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Jury trials resume in Duval County with new safety measures in place

Chief Judge Mark Mahon explains changes to jury process during pandemic

JACKSONVILLE, Fla. – For the first time in months, hundreds of people will show up at the Duval County Courthouse this week for jury duty.

The courthouse is reopening after trials were suspended in March due to the coronavirus pandemic.

Several changes are being made to protect staff, attorneys, jurors and guests of the courthouse from the spread of the coronavirus.

Normally, 300 to 400 potential jurors would be summoned to appear Monday and then be separated into groups for trials. That will not happen now. Instead, Chief Judge Mark Mahon said, smaller groups of potential jurors have been summoned to appear during a period of three days.

“Typically, of course, during a juror selection, you would have them in the box and they would be questioned individually in that setting. We are not going to do that anymore. We are going to spread out the jurors in the area that would be particularly reserved for the audience. We are going to use our ceremonial courtrooms, which are larger. We can sit about 30 people of potential jurors without any real difficulty,” explained Mahon.

Mahon said it is important to restart criminal trials since, for months, inmates at the Duval County jail charged with serious crimes have not been able to have their day in court. But it will not happen all at once.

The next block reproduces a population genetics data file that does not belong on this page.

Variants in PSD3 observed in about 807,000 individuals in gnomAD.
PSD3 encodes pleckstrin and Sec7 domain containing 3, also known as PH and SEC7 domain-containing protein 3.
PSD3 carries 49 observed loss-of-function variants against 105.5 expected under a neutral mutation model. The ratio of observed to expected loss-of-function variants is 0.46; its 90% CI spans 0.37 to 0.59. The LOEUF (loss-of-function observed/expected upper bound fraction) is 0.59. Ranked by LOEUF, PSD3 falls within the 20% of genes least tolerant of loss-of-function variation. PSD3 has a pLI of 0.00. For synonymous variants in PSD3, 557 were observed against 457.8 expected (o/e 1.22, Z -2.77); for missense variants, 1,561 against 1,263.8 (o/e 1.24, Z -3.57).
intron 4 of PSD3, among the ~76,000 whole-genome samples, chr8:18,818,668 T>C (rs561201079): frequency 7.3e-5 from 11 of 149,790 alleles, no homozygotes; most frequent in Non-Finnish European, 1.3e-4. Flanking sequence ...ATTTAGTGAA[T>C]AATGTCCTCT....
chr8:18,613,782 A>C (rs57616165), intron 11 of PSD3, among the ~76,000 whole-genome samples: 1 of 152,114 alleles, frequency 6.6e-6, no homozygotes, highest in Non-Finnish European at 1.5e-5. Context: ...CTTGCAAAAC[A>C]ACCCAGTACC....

“It’s a little bit of a more complicated process. First, you have to find a trial that’s simple, that can be tried within a limited amount of time. We’re looking at trials where the defendant is in jail or out of custody -- that is at the jail or out on bond or release -- and trials that have a limited number of witnesses, so that way, we are not bringing in a number of witnesses that we will have to disinfect for PPE (personal protective equipment) and those types of things,” he said.

As a result, Mahon said trials that are expected to be shorter -- one day -- will be tried first.

Once inside a courtroom, jurors will be seated according to Centers for Disease Control and Prevention guidelines. They will not sit in the same jury box as usual. Mahon said all jurors, attorneys and witnesses will be required to wear masks at all times. Defendants being held at the Duval County jail will be quarantined before being allowed inside the courtroom.

“We have identified the defendants that might be tried in cases that might be up and coming. The (Jacksonville) Sheriff’s Office is placing those individuals into quarantine a week before coming into the courthouse,” explained Mahon.

If you have a pre-existing medical condition, live with someone who has one or have a financial hardship tied to the pandemic and do not feel comfortable serving as a juror, you need to contact the Duval County Clerk of Courts Office to request permission to be excused.

You cannot just refuse to show up. Jury duty is a necessary civic duty and is required by law.


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